The various campaigns included Operation Pirous (1967); Operations Delaware and Somerset Plain (1968); and Operations Dewey Canyon, Massachusetts Striker, and Apache Snow (1969)―which included the infamous battle for Hamburger Hill―culminating with Operation Texas Star and the vicious fight for and humiliating evacuation of Fire Support Base Ripcord in the summer of 1970, the last major US battle of the war.
By 1971, the fighting had once again shifted to the realm of small Special Forces reconnaissance teams assigned to the ultra-secret Studies and Observations Group (SOG). Other works have focused on individual battles or units, but A Shau Valor is the first to study the campaign―for all its courage and sacrifice―chronologically and within the context of other historical, political, and cultural events.
But for the Dauntless dive-bomber crews of the USS Enterprise returning to their home base on Oahu, it was a morning from hell. Flying directly into the Japanese ambush at Pearl Harbor, they lost a third of their squadron and witnessed the heart of America’s Navy broken and smoldering on the oil-slicked waters below.
The next six months, from Pearl Harbor to the Battle of Midway—a dark time during which the Japanese scored victory after victory—this small band of aviators saw almost constant deployment, intense carrier combat, and fearsome casualties. Many were killed by enemy Zero fighters, antiaircraft fire, or deadly crash landings in the Pacific, while others were captured and spent years in POW camps. Yet the Enterprise’s Dauntless crews would be the first to strike an offensive blow against Japanese installations in the Marshall Islands, would be the first to sink a Japanese warship, and would shepherd the Doolittle Raiders’ bombing of Tokyo.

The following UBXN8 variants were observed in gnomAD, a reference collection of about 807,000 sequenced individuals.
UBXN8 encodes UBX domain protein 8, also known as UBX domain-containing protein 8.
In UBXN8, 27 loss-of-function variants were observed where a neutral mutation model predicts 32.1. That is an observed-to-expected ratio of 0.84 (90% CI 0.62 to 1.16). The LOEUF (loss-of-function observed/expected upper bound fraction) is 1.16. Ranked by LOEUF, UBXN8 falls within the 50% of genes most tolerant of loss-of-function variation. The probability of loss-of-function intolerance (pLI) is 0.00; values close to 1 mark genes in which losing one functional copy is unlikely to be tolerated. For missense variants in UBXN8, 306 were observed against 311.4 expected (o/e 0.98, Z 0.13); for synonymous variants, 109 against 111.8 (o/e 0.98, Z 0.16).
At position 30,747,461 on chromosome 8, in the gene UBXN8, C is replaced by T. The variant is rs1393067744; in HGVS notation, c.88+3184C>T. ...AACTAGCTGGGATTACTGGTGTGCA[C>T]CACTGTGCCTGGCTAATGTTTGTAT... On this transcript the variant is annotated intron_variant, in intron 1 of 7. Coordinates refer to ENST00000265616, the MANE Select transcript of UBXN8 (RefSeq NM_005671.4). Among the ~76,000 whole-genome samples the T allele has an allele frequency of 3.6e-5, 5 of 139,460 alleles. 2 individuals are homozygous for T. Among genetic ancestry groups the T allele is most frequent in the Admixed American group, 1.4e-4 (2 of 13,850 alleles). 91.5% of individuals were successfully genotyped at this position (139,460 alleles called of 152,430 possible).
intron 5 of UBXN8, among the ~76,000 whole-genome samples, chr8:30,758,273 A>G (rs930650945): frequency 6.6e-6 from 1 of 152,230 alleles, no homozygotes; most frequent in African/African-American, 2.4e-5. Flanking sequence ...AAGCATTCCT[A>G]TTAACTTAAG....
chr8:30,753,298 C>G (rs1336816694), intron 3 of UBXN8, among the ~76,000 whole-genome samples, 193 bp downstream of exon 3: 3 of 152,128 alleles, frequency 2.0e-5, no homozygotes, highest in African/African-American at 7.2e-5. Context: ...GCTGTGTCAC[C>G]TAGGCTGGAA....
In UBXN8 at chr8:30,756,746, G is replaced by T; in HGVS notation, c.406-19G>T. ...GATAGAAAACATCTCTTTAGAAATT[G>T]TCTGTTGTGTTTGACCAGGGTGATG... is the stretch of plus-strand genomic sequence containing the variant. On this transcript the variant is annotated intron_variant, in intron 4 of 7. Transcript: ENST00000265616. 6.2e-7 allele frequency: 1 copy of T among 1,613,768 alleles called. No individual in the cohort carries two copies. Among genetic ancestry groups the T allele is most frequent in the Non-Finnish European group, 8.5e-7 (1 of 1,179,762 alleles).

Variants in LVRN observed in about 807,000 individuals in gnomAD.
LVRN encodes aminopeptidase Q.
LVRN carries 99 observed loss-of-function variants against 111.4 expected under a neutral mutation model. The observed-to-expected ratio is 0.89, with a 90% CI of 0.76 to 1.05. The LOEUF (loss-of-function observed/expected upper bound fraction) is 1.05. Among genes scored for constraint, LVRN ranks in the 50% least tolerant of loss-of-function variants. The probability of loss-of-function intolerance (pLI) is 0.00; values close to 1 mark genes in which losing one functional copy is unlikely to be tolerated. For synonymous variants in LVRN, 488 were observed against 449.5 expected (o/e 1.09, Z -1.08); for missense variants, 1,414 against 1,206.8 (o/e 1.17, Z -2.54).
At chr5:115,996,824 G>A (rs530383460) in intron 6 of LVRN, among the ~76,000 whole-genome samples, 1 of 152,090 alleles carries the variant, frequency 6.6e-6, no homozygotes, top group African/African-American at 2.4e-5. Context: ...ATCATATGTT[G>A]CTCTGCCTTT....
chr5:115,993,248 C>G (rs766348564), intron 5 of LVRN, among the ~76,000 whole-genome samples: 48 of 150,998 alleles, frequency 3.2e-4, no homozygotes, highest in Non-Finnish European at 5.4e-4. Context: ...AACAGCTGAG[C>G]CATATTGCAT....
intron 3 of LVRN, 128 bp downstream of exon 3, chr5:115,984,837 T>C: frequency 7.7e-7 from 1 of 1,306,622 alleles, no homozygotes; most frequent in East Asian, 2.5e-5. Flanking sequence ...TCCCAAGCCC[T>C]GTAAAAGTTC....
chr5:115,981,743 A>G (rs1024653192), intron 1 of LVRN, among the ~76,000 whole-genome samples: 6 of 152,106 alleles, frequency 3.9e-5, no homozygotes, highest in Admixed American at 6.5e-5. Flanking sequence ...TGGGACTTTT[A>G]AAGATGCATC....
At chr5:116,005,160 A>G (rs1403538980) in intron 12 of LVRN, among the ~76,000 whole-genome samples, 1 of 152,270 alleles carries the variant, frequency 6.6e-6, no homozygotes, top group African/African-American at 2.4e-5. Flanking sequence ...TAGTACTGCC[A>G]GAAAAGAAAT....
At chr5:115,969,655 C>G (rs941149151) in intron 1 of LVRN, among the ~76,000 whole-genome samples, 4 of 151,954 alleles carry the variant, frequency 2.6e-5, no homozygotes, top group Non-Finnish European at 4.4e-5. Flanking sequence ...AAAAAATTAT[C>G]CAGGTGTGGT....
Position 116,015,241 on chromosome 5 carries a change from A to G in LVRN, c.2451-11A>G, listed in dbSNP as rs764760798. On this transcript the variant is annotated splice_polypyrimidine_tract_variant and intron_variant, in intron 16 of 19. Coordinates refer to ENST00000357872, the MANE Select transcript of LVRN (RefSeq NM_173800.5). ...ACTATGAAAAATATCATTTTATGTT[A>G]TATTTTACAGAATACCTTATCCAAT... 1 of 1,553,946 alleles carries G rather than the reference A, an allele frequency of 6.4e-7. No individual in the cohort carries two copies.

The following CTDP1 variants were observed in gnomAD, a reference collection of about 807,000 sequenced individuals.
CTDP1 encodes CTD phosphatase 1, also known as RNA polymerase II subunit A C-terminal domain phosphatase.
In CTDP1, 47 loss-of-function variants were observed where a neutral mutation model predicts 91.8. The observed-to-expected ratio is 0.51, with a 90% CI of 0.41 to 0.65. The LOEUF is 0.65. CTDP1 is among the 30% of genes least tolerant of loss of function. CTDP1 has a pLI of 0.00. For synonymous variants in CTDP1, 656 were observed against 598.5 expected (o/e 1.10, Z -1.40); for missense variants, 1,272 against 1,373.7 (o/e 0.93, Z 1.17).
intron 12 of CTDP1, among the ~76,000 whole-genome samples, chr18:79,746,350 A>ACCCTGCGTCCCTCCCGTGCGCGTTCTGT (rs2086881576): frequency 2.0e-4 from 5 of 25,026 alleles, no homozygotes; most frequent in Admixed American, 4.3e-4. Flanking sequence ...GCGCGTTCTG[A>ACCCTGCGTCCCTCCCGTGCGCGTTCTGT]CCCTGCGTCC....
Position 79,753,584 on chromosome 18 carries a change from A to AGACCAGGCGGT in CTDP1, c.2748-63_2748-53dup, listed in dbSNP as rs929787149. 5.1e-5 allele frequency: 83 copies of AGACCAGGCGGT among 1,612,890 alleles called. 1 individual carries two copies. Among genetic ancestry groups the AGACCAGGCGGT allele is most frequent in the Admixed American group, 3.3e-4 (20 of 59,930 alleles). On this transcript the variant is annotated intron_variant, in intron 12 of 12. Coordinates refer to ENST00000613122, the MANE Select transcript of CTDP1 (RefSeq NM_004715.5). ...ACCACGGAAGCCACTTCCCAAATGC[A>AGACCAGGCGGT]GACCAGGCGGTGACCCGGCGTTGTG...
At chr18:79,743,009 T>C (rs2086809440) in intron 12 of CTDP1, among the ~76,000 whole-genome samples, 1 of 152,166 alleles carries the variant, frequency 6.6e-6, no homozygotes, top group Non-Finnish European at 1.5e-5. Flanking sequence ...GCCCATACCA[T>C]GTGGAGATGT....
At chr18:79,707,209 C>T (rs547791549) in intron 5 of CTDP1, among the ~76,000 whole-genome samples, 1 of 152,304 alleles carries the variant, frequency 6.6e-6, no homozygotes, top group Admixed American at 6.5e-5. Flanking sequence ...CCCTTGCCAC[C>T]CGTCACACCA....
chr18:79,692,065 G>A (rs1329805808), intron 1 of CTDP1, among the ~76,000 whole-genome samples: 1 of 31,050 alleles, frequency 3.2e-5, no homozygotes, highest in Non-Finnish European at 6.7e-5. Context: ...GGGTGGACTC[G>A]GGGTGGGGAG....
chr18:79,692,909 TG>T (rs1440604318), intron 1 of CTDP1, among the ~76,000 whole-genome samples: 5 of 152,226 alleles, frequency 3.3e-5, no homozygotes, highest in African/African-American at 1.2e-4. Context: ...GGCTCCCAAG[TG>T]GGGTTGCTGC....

Not until Midway, though, would Dauntless crews get the chance to settle the score. In June 1942, Japan mobilized the best of its Navy to draw out the smaller American carrier fleet for a final showdown designed to destroy the U.S. Navy once and for all. What they didn’t anticipate was the gutsy dive-bombing pilots and gunners whose courage and skill would change the course of World War II.
Drawing on dozens of new interviews and oral histories, author Stephen L. Moore brings to life inspiring stories of individual sacrifice and bravery—and the sweeping saga of one of America’s greatest triumphs.